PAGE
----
In 1992, Maryland expanded the Financial Institutions section of the Maryland Code. See Md. Code Ann., Fin. Inst. § 1-204 (2012).This addition was intended to reverse the common law treatment governing “Totten” trusts and other accounts held by financial institutions. The Floor Report for the bill, H.D. 1119 (Md. 1992), summarizes the new legislation:
“This bill makes a number of changes to the multiple-party account law.
1. Clarifies that the accounts affected by the law are checking, savings, and share draft accounts as well as time deposits (including CDs). This clarifies that the law applies to CDS.
2. Clarifies that a multi-party accounts (MPTs) may not be established in the name of corporations and charitable or civic organizations. The bill repeals language that the account established on behalf of the charitable or civic organization must be established by an agent or trustee of that organization.
3. States that MPTs do not include accounts set up on behalf of a minor under the Maryland Uniform Transfers to Minors Act and the provisions dealing with the recovery by minors in tort actions.
4. Provides that the designation of a person as a “convenience person” is a durable power of attorney and that the designation is not affected by the disability of the parties to the account.
5. Currently, an MPT will be subject to the MPT law if the account is used after a notice is given that the law changed on October 1, 1993 and that the law will affect the rights of the parties. The bill clarifies that “use” of the account means any activity in the account or any information on file with the depositary institution.
6. Provides that, instead of being required to comply with the current requirement that the account parties be given a copy of the account agreement, the bill allows the depositary institution to instead provide a notice identifying the type of account, the survivorship rights of the parties, and how the parties can obtain a copy of the agreement.
7. Provides that written materials may be deemed given to the parties if delivered in person or mailed to the parties. Also provides that the written materials may be sent as part of the statement.
8. Allows for a “convenience person” to be designated on an account that is not a MPT.
9. States that a garnishment against property held by a financial institution in P.O.D. accounts or trust accounts that are MPTs is not valid unless all the parties are judgment debtors.”
Section 1-204 was meant to eliminate disputes as to whether various arrangements were convenience accounts or whether those arrangements were to be governed by title. Essentially, § 1-204 establishes a presumption that these accounts will be governed by title. It requires that financial institutions comply with the statute for every multiple party account established on or after October 1, 1993. This statute authorizes: (i) a “POD” account (pay-on-death account); (ii) a joint account (meaning, as understood at common law, survivorship); (iii) a trust account (created by the account agreement and where none of the beneficiaries are trustee); (iv) or a power of attorney account where there is a designation of a person as a convenience person on the account.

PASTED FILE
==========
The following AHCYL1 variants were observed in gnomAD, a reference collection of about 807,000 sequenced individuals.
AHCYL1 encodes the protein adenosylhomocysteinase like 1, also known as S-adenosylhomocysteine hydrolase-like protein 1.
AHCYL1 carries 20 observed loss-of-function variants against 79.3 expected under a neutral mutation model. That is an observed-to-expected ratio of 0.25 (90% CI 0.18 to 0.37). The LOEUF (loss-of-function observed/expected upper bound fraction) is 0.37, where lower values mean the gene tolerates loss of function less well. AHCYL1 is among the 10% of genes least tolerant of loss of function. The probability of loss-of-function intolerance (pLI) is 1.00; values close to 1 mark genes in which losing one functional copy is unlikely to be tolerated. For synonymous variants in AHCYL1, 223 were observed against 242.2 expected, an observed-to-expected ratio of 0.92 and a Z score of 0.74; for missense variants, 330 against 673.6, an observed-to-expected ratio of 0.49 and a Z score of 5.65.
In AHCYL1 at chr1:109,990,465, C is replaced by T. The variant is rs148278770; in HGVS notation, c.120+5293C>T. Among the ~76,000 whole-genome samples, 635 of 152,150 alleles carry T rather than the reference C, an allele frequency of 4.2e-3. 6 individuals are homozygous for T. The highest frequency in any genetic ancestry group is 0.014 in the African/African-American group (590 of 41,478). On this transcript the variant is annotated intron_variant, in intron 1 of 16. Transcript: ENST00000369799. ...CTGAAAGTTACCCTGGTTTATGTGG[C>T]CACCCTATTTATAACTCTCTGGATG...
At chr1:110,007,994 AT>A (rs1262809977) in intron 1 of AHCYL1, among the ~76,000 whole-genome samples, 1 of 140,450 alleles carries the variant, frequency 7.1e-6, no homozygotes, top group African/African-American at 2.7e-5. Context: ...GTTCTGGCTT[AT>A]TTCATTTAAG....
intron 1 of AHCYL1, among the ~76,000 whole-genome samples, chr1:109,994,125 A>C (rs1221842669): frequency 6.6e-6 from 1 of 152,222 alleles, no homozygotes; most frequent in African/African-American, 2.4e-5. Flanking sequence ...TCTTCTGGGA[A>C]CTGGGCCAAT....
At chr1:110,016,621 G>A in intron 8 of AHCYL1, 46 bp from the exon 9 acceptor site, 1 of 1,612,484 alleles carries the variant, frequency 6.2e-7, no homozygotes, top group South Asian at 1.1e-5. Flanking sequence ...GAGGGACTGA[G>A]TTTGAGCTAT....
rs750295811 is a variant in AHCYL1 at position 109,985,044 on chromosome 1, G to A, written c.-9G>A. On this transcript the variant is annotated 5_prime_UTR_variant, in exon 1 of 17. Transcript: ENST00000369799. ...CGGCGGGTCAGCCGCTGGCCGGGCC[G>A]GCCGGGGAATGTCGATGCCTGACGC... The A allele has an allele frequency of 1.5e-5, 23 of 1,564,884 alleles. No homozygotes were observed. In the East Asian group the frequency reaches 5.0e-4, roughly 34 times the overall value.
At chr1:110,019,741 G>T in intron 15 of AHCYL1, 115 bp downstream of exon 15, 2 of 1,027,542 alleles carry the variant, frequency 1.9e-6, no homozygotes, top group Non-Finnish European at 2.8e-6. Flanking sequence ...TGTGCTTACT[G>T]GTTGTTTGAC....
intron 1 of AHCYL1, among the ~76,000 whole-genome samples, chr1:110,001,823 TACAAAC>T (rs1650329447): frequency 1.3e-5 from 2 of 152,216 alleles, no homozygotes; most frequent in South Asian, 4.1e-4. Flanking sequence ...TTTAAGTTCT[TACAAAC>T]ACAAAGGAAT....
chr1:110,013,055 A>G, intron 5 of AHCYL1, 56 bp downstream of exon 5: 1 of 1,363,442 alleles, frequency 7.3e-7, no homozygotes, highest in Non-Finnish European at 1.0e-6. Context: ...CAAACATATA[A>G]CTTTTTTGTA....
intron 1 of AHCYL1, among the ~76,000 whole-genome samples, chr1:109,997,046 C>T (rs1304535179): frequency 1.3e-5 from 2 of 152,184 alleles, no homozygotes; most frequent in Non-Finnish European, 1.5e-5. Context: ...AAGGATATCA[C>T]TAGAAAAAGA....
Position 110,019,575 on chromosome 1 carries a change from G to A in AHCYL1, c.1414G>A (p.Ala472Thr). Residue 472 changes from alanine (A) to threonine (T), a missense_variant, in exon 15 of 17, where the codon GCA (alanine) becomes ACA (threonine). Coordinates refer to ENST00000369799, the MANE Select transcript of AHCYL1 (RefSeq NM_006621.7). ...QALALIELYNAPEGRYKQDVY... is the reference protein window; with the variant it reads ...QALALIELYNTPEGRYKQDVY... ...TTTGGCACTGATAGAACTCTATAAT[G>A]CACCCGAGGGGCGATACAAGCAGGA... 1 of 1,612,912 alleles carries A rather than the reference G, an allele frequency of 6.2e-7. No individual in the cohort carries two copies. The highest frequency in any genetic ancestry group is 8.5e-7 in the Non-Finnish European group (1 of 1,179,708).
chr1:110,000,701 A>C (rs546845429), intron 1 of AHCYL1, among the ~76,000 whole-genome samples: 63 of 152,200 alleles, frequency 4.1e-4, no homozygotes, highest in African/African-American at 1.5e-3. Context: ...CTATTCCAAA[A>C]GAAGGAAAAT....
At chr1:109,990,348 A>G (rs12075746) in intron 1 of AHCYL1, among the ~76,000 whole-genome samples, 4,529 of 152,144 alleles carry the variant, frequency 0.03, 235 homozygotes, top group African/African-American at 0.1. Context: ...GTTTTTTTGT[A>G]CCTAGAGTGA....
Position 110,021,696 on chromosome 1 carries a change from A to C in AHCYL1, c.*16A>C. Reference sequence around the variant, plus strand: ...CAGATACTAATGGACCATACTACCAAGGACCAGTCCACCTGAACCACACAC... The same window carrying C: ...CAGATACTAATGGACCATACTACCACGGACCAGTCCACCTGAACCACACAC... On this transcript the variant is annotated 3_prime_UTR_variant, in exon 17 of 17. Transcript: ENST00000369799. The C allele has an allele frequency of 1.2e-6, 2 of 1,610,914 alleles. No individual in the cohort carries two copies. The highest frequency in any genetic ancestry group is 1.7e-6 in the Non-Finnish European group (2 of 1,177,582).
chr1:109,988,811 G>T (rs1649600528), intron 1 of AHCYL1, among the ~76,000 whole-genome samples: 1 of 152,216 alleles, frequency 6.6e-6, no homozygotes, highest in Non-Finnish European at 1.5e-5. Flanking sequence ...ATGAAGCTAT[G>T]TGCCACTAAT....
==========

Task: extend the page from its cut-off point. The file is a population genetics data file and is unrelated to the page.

The purpose of the statute is to remove ambiguity as to the nature of the accounts. Therefore, “unless the account agreement expressly provides otherwise, upon the death of the last party to a multiple account, any funds remaining in the account shall belong” to the person entitled to those funds under the account agreement. § 1-204. If the account agreement does not expressly establish the right to funds to a certain person at the death of the party, or if there is no account agreement, any funds in the account upon the death of a party shall belong to the surviving party or parties. The presumptive correctness of the account agreements is not a per se bar to continued litigation. Issues remain concerning whether the account was established ab initio as a product of fraud, undue influence, or for any other reason that would cause the account to be set aside by a court. This legislation is specifically purposed to end litigation as to how the decedent meant the account to operate.
In Stanley v. Stanley, 175 Md. App. 246, 927 A.2d 246 (2007), the Court held that at the death of the creator of the multi-party account, the funds go equally to the joint owners. In that case, three of four surviving parties to the account closed the account, effectively shutting out the fourth owner. The Court of Appeals held that at the death of the creator of the account, the survivorship aspect of the account trumps the ability of the others to withdraw.
Accounts established before October 1, 1993 may also be subject to the terms of § 1-204 if: 1) the depository institution gave written notice of the law changes and how the parties’ rights may be affected; and 2) if after notice there was activity in the account, a written communication to the depositor about the changes, or some similar sign approving that the account be governed by § 1-204.